Biosecurity for cattle operations
- Biosecurity practices and procedures reduce transmission of disease-causing organisms (pathogens) between and within farms.
- A biosecurity plan can protect your farm from external pathogens and minimize the transmission of diseases within your system.
- External biosecurity refers to procedures and practices that reduce the transmission of pathogens from sources off of your farm.
- This includes the management of routine visitors such as the milk truck, feed deliveries, custom harvesters, borrowed equipment, etc.
- External biosecurity also provides for the management of bought or leased animals.
- Internal biosecurity refers to procedures and practices on the farm to prevent transmission of pathogens between areas of your farm.
- Most harmful diseases within a farm transfer from older animals to younger animals.
- An example of an internal biosecurity practice is to wash boots before entering the calf barn or to have an entirely different set of clothes for working with calves.
- Washing boots or having separate clothes helps prevent potentially harmful organisms from being transferred from the cowherd to the calf population.
Why is biosecurity important?
Using biosecurity practices decreases the chance of harmful diseases affecting your animals. Protecting your farm from outside pathogens helps your business to continue unaffected with productive, healthy cows.
Continuity of business
If a foreign animal disease outbreak occurred, having a day-to-day biosecurity plan could protect you from becoming infected before a disease is contained. Having an additional plan to increase biosecurity will help you to acquire permits when animal movement is restricted and keep your business running as usual during an outbreak.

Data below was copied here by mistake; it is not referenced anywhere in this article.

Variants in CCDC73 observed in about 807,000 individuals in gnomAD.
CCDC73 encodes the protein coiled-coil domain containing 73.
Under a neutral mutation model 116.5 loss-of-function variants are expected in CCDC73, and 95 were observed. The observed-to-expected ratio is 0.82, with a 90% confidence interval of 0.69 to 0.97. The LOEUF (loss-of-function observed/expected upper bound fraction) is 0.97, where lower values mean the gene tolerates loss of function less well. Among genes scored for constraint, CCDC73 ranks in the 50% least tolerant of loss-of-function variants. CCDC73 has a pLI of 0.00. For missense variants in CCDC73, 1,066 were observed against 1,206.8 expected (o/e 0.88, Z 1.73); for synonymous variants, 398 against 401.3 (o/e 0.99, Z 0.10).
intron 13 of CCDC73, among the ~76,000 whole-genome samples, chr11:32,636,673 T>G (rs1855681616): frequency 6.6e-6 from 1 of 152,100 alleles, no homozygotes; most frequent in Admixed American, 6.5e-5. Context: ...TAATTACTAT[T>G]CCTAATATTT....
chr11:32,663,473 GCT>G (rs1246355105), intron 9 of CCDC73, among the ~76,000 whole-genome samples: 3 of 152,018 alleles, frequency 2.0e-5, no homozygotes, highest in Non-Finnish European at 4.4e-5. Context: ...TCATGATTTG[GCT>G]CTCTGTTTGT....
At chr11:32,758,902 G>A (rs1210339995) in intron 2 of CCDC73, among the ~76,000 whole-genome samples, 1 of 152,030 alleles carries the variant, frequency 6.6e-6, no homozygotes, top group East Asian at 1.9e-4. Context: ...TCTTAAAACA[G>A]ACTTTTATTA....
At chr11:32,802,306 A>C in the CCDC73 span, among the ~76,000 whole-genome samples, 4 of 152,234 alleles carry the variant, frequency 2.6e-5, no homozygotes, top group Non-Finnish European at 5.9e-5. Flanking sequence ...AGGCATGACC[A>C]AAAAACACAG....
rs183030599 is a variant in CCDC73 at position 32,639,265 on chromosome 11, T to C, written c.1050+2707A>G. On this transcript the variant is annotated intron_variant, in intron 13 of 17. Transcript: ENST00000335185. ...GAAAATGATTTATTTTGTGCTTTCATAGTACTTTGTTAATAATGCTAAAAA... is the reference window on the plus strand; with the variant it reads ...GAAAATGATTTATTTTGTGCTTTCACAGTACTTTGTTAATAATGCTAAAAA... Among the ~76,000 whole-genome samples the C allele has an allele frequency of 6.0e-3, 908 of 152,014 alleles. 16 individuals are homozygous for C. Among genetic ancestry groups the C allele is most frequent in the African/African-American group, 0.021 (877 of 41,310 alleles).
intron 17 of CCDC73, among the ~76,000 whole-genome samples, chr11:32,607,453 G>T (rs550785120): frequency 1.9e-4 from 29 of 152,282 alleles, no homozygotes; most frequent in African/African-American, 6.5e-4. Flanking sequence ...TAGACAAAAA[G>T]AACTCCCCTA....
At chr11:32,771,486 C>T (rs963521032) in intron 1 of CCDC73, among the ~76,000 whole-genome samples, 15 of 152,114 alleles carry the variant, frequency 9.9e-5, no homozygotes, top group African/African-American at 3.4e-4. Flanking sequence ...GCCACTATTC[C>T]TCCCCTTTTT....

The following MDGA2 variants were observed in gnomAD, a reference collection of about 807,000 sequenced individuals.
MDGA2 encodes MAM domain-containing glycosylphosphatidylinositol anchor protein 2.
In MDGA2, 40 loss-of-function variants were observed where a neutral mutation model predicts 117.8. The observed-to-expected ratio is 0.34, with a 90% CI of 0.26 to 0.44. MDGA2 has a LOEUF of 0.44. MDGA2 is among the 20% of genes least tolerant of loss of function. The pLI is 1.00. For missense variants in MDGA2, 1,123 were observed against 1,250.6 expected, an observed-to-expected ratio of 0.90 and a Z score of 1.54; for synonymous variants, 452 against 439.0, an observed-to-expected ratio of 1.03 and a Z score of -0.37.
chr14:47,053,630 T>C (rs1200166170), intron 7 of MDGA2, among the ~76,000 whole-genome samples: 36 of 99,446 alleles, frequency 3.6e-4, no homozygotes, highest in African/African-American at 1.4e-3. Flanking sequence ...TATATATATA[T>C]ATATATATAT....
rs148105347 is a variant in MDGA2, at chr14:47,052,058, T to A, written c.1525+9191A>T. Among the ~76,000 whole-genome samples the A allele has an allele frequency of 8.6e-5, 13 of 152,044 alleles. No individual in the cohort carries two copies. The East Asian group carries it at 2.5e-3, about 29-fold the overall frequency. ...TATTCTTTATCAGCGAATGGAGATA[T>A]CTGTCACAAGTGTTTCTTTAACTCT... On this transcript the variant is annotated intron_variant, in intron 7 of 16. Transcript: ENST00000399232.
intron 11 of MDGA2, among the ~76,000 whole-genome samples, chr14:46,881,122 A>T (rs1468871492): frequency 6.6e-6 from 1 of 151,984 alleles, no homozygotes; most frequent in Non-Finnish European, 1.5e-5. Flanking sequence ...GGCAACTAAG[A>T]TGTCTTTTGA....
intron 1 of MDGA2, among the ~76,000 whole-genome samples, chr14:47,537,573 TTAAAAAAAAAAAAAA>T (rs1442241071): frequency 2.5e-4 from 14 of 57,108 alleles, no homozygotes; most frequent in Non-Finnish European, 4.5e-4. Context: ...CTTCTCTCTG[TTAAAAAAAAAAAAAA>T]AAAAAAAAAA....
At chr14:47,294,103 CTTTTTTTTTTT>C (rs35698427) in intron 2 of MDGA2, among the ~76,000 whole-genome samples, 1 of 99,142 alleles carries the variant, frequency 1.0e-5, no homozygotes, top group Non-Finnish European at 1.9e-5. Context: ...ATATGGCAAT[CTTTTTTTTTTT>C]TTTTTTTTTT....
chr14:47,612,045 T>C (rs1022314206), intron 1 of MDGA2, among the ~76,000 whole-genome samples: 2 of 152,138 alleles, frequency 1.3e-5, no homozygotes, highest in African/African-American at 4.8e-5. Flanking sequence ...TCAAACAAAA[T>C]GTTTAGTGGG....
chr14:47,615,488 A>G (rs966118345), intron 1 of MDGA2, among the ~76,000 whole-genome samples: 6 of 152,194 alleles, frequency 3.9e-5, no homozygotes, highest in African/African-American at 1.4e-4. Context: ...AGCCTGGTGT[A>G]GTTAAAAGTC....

Whether producing milk or meat, you are providing food. Having proper biosecurity will help to ensure you continue to produce food that is safe for the public.
How to start biosecurity on your farm
Determine the goal of your biosecurity
Is there a specific disease that you are looking to target that you already have? Is there a particular disease you are worried about acquiring? These are good questions to start with and can determine how rigorous your biosecurity protocols need to be. If you don’t have a specific goal, that is ok too. Ask your veterinarian for help.
Talk with your veterinarian and get them involved
Your veterinarian is one of the only people you work with that can comment on your entire system and how everything works together. They have specific biosecurity training that can help you develop a plan that targets your most significant transmission risks.
Make a plan
Writing down a specific protocol and set of practices is essential. You, your employees, and everyone else that visits your farm needs to have something they can reference. Even if the protocol is simple, write it down. Consider making materials that are visual reminders to yourself and staff, such as signs and posters. Your plan should include a way to measure whether or not it is having an effect once put into place.
Make sure everyone is on board
Biosecurity only works if everyone follows the protocols. One person that isn’t on board can derail the whole thing. Make sure everyone understands what to do and make sure everyone understands why it is important. When an employee knows why we are asking for something to be done and what impact it has, they are more likely to continue the practice.
Start the plan
Once the plan is ready to go, don’t procrastinate, put it into practice. The sooner it is in place, the sooner you can refine the protocols and identify problem areas that need to be resolved.
Check the plan
The only way to know the plan is being followed is to check. Often, actual practices tend to drift away from the original protocol. You need to continually check to make sure things are on track.
Evaluate your biosecurity plan
You should have a way to measure whether your plan is working or not. Do you see less of a specific disease than before the plan was put into place? Many times, when specific diseases are targeted, we can objectively measure how many animals are affected. If your plan has been given enough time to work, you can decide if you need to change your plan based on your evaluation. Ask your veterinarian for help with this step.
Reviewed in 2019